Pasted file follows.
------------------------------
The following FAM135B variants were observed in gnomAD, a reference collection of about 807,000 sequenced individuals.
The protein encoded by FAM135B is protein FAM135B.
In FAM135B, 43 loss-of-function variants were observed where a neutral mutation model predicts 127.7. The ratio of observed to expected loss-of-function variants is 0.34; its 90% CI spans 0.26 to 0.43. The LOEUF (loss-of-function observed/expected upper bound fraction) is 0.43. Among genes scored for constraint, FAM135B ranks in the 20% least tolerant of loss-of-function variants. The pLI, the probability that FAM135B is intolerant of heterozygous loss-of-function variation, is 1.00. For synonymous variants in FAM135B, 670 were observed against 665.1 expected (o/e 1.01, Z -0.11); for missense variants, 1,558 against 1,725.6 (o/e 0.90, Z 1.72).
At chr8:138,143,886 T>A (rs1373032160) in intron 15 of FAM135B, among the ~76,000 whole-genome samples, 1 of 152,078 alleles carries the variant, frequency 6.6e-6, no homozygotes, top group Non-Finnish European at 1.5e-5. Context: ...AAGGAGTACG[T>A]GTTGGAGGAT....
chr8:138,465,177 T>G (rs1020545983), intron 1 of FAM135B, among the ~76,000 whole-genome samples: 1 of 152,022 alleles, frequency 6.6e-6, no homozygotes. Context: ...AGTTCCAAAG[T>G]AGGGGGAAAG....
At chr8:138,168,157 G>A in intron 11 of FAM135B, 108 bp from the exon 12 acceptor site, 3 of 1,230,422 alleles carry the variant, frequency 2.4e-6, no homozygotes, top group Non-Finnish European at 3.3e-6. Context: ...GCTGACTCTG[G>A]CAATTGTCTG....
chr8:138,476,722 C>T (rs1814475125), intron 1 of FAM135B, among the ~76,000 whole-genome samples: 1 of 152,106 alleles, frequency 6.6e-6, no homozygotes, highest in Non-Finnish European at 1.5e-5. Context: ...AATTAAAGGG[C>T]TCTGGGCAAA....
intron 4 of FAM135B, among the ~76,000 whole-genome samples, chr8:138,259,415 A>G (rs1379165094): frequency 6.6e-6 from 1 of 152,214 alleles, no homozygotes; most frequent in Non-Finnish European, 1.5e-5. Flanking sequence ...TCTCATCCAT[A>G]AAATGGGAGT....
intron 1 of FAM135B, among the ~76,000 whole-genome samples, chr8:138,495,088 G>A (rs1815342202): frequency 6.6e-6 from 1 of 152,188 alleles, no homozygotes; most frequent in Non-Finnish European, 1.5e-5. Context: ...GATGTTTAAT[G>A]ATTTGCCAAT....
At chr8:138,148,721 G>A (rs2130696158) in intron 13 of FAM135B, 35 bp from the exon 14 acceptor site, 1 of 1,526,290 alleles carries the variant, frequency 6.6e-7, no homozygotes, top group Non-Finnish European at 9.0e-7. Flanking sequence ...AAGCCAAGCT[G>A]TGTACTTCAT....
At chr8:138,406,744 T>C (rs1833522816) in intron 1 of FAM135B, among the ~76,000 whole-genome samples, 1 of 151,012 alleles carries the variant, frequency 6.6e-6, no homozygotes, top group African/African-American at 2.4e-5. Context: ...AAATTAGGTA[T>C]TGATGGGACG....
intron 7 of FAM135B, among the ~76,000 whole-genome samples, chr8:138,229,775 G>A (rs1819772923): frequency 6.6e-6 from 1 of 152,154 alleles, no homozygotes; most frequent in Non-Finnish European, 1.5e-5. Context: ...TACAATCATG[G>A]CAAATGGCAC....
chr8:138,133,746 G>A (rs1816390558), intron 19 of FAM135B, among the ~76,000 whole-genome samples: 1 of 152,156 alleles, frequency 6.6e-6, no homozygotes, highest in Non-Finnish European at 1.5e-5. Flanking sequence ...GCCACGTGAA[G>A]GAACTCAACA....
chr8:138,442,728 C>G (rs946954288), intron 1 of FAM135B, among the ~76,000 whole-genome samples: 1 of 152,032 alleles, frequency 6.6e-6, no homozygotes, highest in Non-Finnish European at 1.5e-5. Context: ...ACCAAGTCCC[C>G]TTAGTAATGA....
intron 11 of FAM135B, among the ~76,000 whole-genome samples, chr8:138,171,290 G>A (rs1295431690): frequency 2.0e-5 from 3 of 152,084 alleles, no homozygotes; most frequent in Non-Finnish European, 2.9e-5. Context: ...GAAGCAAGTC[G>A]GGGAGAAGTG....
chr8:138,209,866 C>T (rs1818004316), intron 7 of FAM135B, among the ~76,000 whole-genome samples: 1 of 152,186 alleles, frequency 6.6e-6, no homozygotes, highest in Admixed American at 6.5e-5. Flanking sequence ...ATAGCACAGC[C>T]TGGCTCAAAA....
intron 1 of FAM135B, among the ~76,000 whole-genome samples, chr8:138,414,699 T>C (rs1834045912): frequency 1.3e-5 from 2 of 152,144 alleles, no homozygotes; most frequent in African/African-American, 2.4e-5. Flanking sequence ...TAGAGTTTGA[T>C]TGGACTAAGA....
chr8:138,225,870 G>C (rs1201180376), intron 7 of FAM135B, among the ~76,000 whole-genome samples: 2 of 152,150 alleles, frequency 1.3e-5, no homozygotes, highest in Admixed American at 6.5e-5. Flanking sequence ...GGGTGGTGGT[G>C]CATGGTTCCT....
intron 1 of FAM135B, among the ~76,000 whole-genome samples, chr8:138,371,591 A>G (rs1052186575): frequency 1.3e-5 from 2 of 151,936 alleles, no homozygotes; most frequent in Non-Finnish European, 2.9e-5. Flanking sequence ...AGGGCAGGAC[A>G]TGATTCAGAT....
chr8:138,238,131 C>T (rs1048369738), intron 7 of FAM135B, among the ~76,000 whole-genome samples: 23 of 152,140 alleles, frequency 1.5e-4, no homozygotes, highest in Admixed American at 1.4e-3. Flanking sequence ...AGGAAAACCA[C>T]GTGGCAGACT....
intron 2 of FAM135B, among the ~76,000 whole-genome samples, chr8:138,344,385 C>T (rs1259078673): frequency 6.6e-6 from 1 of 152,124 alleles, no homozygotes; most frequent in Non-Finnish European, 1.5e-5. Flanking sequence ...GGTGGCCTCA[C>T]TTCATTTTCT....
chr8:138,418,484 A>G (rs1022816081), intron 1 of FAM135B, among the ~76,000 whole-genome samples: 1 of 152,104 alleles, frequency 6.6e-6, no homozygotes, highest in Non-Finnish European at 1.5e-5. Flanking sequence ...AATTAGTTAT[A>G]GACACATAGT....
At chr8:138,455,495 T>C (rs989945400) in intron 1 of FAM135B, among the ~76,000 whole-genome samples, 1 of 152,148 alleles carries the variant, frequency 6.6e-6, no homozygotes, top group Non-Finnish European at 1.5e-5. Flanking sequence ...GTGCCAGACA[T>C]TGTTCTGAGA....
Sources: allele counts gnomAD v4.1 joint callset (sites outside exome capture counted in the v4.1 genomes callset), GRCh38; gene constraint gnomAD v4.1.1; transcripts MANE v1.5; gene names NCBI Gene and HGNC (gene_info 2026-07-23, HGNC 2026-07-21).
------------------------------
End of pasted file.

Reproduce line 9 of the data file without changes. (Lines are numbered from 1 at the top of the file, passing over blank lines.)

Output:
intron 1 of FAM135B, among the ~76,000 whole-genome samples, chr8:138,495,088 G>A (rs1815342202): frequency 6.6e-6 from 1 of 152,188 alleles, no homozygotes; most frequent in Non-Finnish European, 1.5e-5. Context: ...GATGTTTAAT[G>A]ATTTGCCAAT....